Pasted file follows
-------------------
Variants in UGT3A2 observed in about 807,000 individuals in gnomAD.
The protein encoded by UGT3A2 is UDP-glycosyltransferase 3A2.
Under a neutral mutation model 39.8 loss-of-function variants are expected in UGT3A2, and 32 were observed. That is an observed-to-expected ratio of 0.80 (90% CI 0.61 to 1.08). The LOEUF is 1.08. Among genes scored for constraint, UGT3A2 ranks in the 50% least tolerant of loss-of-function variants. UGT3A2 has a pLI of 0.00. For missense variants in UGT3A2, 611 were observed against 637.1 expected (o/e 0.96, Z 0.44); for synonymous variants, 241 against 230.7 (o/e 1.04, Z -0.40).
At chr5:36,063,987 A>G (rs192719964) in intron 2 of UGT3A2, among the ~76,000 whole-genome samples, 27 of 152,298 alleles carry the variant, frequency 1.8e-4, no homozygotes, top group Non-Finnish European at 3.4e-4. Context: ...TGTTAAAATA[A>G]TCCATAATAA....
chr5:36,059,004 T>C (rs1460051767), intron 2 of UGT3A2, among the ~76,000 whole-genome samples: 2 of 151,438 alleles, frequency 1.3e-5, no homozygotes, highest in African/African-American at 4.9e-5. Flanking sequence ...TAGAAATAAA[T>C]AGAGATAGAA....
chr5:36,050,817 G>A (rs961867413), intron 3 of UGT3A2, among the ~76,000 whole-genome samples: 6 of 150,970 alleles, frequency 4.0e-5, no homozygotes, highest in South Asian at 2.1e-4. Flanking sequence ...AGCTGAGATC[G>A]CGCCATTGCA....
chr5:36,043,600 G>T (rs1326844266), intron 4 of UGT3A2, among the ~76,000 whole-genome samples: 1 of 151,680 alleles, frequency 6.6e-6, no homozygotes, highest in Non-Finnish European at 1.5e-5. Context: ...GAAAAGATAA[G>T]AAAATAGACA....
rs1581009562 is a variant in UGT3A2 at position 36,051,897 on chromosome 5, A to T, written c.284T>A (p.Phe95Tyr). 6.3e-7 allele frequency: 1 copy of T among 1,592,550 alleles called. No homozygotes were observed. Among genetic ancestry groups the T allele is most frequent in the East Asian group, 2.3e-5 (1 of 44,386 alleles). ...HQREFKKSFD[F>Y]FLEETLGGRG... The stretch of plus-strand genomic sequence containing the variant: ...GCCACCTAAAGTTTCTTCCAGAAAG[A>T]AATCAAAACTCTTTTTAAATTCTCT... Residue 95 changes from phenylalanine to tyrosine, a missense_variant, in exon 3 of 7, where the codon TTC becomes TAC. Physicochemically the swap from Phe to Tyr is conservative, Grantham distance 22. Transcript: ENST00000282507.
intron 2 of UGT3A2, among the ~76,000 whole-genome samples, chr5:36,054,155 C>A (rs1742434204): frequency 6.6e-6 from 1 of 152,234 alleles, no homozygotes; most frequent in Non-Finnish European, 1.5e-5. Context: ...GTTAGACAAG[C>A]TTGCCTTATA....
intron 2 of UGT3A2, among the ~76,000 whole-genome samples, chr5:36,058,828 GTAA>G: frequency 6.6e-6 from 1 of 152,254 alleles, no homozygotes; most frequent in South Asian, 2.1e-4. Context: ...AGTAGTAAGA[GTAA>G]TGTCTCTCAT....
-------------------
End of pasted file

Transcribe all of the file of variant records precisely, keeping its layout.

Variants in UGT3A2 observed in about 807,000 individuals in gnomAD.
The protein encoded by UGT3A2 is UDP-glycosyltransferase 3A2.
Under a neutral mutation model 39.8 loss-of-function variants are expected in UGT3A2, and 32 were observed. That is an observed-to-expected ratio of 0.80 (90% CI 0.61 to 1.08). The LOEUF is 1.08. Among genes scored for constraint, UGT3A2 ranks in the 50% least tolerant of loss-of-function variants. UGT3A2 has a pLI of 0.00. For missense variants in UGT3A2, 611 were observed against 637.1 expected (o/e 0.96, Z 0.44); for synonymous variants, 241 against 230.7 (o/e 1.04, Z -0.40).
At chr5:36,063,987 A>G (rs192719964) in intron 2 of UGT3A2, among the ~76,000 whole-genome samples, 27 of 152,298 alleles carry the variant, frequency 1.8e-4, no homozygotes, top group Non-Finnish European at 3.4e-4. Context: ...TGTTAAAATA[A>G]TCCATAATAA....
chr5:36,059,004 T>C (rs1460051767), intron 2 of UGT3A2, among the ~76,000 whole-genome samples: 2 of 151,438 alleles, frequency 1.3e-5, no homozygotes, highest in African/African-American at 4.9e-5. Flanking sequence ...TAGAAATAAA[T>C]AGAGATAGAA....
chr5:36,050,817 G>A (rs961867413), intron 3 of UGT3A2, among the ~76,000 whole-genome samples: 6 of 150,970 alleles, frequency 4.0e-5, no homozygotes, highest in South Asian at 2.1e-4. Flanking sequence ...AGCTGAGATC[G>A]CGCCATTGCA....
chr5:36,043,600 G>T (rs1326844266), intron 4 of UGT3A2, among the ~76,000 whole-genome samples: 1 of 151,680 alleles, frequency 6.6e-6, no homozygotes, highest in Non-Finnish European at 1.5e-5. Context: ...GAAAAGATAA[G>T]AAAATAGACA....
rs1581009562 is a variant in UGT3A2 at position 36,051,897 on chromosome 5, A to T, written c.284T>A (p.Phe95Tyr). 6.3e-7 allele frequency: 1 copy of T among 1,592,550 alleles called. No homozygotes were observed. Among genetic ancestry groups the T allele is most frequent in the East Asian group, 2.3e-5 (1 of 44,386 alleles). ...HQREFKKSFD[F>Y]FLEETLGGRG... The stretch of plus-strand genomic sequence containing the variant: ...GCCACCTAAAGTTTCTTCCAGAAAG[A>T]AATCAAAACTCTTTTTAAATTCTCT... Residue 95 changes from phenylalanine to tyrosine, a missense_variant, in exon 3 of 7, where the codon TTC becomes TAC. Physicochemically the swap from Phe to Tyr is conservative, Grantham distance 22. Transcript: ENST00000282507.
intron 2 of UGT3A2, among the ~76,000 whole-genome samples, chr5:36,054,155 C>A (rs1742434204): frequency 6.6e-6 from 1 of 152,234 alleles, no homozygotes; most frequent in Non-Finnish European, 1.5e-5. Context: ...GTTAGACAAG[C>A]TTGCCTTATA....
intron 2 of UGT3A2, among the ~76,000 whole-genome samples, chr5:36,058,828 GTAA>G: frequency 6.6e-6 from 1 of 152,254 alleles, no homozygotes; most frequent in South Asian, 2.1e-4. Context: ...AGTAGTAAGA[GTAA>G]TGTCTCTCAT....